The Joe Mauer signing shook the baseball world. Here was a small market team, ranked 24th in payroll in 2009, giving a catcher the fourth-largest contract in Major League Baseball history.
It has ramifications throughout the game, but there was a notable ripple effect in the Red Sox clubhouse the day the news broke. Victor Martinez, about to embark on his first full season as the Boston catcher, now faces the prospect of becoming the best player at the position on the free-agent market if he and the Sox do not agree on a contract extension.
Regardless of if and when those negotiations take place, Martinez is planted — at least for one full season — in the No. 3 hole and is responsible for catching one of the best staffs in baseball. It?s no small task, and before he makes himself a lot of money, he will be a factor in many wins.
A standout season from the 31-year-old will go a long way toward taking Boston back to the mountaintop.
Martinez made general manager Theo Epstein look pretty good when the backstop scorched American League pitching following the trade which brought him over from Cleveland at the deadline. He hit .336 with the Sox and was an instant fit in the clubhouse.
And his ability to shine in a Red Sox uniform allowed the club to remedy two black holes in their lineup.
Not only was there a savior for the increasingly awkward ?What do we do with Jason Varitek?? situation, but Martinez instantly plugged the all-important third spot in the lineup, which had become unstable for the first time in years when David Ortiz took months to get going.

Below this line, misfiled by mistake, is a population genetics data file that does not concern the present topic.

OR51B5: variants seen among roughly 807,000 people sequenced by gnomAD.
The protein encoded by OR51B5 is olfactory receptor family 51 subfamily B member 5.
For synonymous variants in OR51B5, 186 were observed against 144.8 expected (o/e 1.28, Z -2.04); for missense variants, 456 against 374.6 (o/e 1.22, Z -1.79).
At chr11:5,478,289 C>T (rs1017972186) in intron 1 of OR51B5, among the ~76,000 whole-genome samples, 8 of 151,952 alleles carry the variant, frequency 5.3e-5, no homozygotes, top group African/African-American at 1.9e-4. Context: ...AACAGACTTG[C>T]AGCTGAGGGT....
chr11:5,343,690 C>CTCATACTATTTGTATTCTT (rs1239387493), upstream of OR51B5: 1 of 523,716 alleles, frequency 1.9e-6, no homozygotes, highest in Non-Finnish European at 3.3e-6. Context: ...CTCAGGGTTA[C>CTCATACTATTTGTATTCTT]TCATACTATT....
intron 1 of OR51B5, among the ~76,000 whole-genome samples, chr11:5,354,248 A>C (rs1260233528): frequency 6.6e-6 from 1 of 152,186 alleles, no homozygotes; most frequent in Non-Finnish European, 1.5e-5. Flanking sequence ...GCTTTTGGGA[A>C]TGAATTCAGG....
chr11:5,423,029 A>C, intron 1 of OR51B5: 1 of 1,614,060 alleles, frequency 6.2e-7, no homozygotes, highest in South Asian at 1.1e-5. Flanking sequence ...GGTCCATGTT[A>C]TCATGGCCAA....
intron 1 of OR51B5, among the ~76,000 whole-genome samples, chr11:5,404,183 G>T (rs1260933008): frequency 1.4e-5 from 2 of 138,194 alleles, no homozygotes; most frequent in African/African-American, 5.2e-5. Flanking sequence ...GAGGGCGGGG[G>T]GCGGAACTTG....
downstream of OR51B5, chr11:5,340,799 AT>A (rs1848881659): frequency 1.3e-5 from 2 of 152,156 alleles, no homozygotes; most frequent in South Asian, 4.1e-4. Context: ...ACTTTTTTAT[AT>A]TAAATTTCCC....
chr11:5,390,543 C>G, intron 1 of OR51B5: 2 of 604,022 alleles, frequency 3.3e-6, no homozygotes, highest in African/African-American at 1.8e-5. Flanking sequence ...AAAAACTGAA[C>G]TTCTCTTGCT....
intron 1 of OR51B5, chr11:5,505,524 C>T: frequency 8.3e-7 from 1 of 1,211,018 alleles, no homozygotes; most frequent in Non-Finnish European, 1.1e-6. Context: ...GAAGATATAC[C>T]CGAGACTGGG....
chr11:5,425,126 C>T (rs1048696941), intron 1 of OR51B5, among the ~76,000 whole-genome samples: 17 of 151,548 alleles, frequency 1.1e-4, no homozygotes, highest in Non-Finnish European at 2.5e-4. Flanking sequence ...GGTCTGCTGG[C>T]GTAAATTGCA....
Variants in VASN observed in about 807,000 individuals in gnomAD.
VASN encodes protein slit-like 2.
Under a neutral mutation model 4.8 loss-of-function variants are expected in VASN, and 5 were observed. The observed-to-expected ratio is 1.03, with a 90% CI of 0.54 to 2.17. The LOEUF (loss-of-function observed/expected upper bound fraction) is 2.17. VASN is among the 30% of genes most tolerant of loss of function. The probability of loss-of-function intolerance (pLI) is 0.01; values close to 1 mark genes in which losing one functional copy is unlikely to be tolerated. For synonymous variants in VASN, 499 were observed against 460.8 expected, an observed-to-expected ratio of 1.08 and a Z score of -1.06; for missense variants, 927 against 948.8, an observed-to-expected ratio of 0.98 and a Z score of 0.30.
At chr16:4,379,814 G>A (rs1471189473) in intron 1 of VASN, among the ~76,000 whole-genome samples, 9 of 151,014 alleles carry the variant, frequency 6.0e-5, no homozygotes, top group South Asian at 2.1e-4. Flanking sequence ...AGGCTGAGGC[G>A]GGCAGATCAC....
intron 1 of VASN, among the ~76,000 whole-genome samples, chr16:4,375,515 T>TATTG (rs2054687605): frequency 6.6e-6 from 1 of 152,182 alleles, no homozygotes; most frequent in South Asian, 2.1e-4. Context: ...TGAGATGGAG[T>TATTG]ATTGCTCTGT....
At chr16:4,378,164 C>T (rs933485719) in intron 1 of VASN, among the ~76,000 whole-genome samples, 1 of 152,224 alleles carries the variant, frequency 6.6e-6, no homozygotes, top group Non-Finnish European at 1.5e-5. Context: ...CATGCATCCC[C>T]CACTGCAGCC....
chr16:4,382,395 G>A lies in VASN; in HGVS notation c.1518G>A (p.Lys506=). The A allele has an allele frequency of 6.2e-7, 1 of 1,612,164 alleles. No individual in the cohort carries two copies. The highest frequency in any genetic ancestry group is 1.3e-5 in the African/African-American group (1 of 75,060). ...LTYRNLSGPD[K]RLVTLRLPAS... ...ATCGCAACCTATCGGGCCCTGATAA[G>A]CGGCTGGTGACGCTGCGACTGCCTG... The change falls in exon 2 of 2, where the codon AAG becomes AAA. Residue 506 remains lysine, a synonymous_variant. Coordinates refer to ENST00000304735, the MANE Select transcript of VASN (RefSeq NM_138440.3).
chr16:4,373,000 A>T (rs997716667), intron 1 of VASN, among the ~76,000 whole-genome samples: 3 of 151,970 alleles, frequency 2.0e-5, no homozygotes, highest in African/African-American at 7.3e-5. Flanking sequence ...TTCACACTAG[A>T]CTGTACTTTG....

For the better part of five years, Ortiz was a roadblock for opposing pitchers while nestled in the three-hole. Before 2009, the designated hitter batted .300 with 176 home runs and 559 RBI in that spot. He was at just .198 with one home run and 18 RBI in that role when manager Terry Francona finally dropped him in the lineup last year.
In Martinez, the Sox gained a switch-hitter that allowed Varitek?s at-bats to be picked and chosen and Ortiz to shoulder less of the load, batting fifth or even lower. The results were instantaneous. In the four months before Martinez arrived, the Sox had monthly team batting averages no better than .275 but as low as .260 and .245. In August and September, the club hit .275 and .277, respectively.
In those first four months, Boston scored an average of 5.16 runs per game. With Martinez, a .299 career hitter, in the fold in August and September, it produced an average of 5.61 — a significant spike.
So we know what the four-time All-Star does to a lineup which, while potent, had occasional lapses last season. Remember, however, that this is a team built on run prevention — Martinez will get just as much love in Fenway Park if he can figure out a way to limit opponents? running games as he will wrapping one around Pesky's Pole.
Indeed, Boston is in dire need of improvement in terms of nailing would-be base stealers. Its success rate of 13 percent last year was historically bad, and Martinez only served to drag it down, throwing out 11 percent of those who ran on him in a Red Sox uniform.
But he owns a 24 percent success rate as a major leaguer and had numbers above 30 percent in 2007 and 2008 (as a comparison, Varitek?s success rate has not topped 24 percent since 2003). If he can get last season?s number up nearer to his career averages, the team?s mission of keeping runs off the board will be a bit easier to fulfill and make him, once again, the remedy for another team-wide woe.
While Victor Martinez could be playing elsewhere in a year, his chances of improving Boston in a few keys areas could make the club the team to beat.
From now until Opening Day, NESN.com will run down 25 things that need to happen for the Red Sox to win the World Series.
March 25: Pitchers need to hold runners better.